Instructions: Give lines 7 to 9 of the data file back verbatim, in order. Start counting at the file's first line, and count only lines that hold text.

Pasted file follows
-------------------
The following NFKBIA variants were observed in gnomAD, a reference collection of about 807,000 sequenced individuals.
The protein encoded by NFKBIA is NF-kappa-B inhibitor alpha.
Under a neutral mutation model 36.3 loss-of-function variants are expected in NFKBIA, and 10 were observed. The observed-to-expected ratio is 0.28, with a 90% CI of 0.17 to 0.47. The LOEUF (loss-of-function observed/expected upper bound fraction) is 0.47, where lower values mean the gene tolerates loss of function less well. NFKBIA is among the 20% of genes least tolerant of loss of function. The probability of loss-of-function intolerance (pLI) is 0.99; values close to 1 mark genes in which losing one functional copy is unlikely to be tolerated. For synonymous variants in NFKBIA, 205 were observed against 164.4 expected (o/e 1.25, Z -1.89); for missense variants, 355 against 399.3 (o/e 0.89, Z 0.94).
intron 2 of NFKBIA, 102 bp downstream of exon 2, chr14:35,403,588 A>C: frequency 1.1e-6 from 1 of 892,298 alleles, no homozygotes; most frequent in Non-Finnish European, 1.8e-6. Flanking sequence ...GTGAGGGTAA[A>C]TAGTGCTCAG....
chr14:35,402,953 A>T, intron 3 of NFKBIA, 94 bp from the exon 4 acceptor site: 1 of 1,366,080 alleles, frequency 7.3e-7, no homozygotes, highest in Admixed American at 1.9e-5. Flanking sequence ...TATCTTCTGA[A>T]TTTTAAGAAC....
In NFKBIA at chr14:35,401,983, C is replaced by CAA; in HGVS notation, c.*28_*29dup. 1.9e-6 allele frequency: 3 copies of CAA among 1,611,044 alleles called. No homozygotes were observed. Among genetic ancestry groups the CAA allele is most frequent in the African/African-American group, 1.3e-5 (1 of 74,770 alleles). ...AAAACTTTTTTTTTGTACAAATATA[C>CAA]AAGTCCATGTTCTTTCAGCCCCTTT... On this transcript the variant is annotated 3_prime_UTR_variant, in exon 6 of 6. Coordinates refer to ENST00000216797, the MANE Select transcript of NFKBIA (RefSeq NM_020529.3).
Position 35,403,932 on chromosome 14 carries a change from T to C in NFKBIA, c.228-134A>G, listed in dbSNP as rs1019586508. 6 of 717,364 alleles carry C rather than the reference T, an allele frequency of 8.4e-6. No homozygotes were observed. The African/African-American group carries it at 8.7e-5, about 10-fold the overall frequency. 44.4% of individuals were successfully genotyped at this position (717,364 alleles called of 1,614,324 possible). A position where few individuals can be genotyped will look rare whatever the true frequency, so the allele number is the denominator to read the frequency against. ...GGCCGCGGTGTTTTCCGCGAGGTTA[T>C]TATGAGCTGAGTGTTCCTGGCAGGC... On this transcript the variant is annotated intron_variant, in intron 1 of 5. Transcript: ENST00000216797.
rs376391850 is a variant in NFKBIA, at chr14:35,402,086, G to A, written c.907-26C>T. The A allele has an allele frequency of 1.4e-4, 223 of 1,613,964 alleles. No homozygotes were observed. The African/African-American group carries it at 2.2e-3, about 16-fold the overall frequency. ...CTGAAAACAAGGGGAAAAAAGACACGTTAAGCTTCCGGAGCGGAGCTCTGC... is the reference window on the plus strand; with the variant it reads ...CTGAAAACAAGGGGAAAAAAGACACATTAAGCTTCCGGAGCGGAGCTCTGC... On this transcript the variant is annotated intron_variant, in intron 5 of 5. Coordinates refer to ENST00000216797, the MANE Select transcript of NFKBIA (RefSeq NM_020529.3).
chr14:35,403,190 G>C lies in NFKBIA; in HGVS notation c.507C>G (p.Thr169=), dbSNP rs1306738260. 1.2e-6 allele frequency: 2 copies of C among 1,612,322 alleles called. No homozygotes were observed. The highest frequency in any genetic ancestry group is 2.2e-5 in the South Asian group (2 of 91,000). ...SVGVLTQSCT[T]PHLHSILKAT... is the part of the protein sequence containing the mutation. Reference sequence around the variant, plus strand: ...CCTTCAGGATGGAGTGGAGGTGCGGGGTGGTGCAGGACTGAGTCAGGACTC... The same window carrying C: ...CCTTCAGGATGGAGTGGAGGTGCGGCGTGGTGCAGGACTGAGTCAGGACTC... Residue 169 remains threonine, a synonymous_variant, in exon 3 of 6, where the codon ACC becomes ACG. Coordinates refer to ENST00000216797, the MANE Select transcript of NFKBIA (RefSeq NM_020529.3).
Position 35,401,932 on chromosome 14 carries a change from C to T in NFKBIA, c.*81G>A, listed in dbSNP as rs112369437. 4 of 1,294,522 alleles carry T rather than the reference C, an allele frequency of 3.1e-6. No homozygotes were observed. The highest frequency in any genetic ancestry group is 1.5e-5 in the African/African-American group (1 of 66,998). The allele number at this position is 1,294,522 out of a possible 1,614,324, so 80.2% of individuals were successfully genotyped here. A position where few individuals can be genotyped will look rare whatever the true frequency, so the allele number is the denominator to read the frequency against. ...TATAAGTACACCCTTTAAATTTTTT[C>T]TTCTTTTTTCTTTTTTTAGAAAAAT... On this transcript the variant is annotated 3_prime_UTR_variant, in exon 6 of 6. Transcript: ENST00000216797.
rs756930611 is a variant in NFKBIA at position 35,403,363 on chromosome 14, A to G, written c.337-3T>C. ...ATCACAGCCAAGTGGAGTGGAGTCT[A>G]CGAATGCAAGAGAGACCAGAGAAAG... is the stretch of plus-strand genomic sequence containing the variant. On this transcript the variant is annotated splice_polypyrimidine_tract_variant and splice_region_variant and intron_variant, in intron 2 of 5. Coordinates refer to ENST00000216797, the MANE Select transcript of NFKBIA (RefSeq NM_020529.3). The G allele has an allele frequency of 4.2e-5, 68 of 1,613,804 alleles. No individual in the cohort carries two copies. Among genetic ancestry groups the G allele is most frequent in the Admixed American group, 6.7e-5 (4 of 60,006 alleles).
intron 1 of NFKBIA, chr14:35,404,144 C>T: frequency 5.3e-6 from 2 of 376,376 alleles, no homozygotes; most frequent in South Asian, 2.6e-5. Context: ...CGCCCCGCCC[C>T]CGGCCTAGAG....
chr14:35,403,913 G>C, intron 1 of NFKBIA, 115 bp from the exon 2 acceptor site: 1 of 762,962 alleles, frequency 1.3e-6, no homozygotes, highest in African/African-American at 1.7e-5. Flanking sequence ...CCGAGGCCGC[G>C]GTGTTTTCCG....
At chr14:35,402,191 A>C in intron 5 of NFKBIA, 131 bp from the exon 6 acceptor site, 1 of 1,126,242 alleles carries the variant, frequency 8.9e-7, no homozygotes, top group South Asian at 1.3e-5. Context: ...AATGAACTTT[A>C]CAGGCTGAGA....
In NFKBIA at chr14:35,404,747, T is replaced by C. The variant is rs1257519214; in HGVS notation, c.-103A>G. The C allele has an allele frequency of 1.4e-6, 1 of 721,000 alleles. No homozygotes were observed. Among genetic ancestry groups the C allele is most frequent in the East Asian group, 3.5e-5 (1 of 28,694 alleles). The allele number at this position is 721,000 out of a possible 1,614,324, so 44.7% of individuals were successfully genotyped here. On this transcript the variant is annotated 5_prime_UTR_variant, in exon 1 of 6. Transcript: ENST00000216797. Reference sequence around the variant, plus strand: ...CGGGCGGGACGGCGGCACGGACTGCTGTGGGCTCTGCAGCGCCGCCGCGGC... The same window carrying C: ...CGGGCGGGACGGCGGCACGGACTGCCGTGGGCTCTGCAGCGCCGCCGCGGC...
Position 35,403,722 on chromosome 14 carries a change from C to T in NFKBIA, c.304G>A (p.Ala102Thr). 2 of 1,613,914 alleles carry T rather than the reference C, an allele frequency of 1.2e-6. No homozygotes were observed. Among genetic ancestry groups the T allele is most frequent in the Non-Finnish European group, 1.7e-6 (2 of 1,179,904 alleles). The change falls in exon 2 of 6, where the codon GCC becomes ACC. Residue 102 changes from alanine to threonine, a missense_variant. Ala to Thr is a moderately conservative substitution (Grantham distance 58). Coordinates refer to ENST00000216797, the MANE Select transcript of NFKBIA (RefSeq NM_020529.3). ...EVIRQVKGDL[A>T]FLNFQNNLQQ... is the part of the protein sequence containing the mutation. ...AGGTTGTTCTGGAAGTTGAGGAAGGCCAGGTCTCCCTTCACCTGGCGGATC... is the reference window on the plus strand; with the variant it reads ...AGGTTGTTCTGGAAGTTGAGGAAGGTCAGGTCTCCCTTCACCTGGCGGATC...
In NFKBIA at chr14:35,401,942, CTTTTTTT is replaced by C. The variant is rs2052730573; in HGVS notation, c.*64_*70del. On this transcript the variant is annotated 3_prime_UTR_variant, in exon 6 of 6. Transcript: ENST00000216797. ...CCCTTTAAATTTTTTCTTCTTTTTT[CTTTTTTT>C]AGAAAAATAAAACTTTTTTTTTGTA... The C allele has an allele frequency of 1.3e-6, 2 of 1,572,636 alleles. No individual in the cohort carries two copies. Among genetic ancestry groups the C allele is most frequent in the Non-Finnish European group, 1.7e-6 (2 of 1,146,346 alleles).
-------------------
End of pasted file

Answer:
Position 35,403,932 on chromosome 14 carries a change from T to C in NFKBIA, c.228-134A>G, listed in dbSNP as rs1019586508. 6 of 717,364 alleles carry C rather than the reference T, an allele frequency of 8.4e-6. No homozygotes were observed. The African/African-American group carries it at 8.7e-5, about 10-fold the overall frequency. 44.4% of individuals were successfully genotyped at this position (717,364 alleles called of 1,614,324 possible). A position where few individuals can be genotyped will look rare whatever the true frequency, so the allele number is the denominator to read the frequency against. ...GGCCGCGGTGTTTTCCGCGAGGTTA[T>C]TATGAGCTGAGTGTTCCTGGCAGGC... On this transcript the variant is annotated intron_variant, in intron 1 of 5. Transcript: ENST00000216797.
rs376391850 is a variant in NFKBIA, at chr14:35,402,086, G to A, written c.907-26C>T. The A allele has an allele frequency of 1.4e-4, 223 of 1,613,964 alleles. No homozygotes were observed. The African/African-American group carries it at 2.2e-3, about 16-fold the overall frequency. ...CTGAAAACAAGGGGAAAAAAGACACGTTAAGCTTCCGGAGCGGAGCTCTGC... is the reference window on the plus strand; with the variant it reads ...CTGAAAACAAGGGGAAAAAAGACACATTAAGCTTCCGGAGCGGAGCTCTGC... On this transcript the variant is annotated intron_variant, in intron 5 of 5. Coordinates refer to ENST00000216797, the MANE Select transcript of NFKBIA (RefSeq NM_020529.3).
chr14:35,403,190 G>C lies in NFKBIA; in HGVS notation c.507C>G (p.Thr169=), dbSNP rs1306738260. 1.2e-6 allele frequency: 2 copies of C among 1,612,322 alleles called. No homozygotes were observed. The highest frequency in any genetic ancestry group is 2.2e-5 in the South Asian group (2 of 91,000). ...SVGVLTQSCT[T]PHLHSILKAT... is the part of the protein sequence containing the mutation. Reference sequence around the variant, plus strand: ...CCTTCAGGATGGAGTGGAGGTGCGGGGTGGTGCAGGACTGAGTCAGGACTC... The same window carrying C: ...CCTTCAGGATGGAGTGGAGGTGCGGCGTGGTGCAGGACTGAGTCAGGACTC... Residue 169 remains threonine, a synonymous_variant, in exon 3 of 6, where the codon ACC becomes ACG. Coordinates refer to ENST00000216797, the MANE Select transcript of NFKBIA (RefSeq NM_020529.3).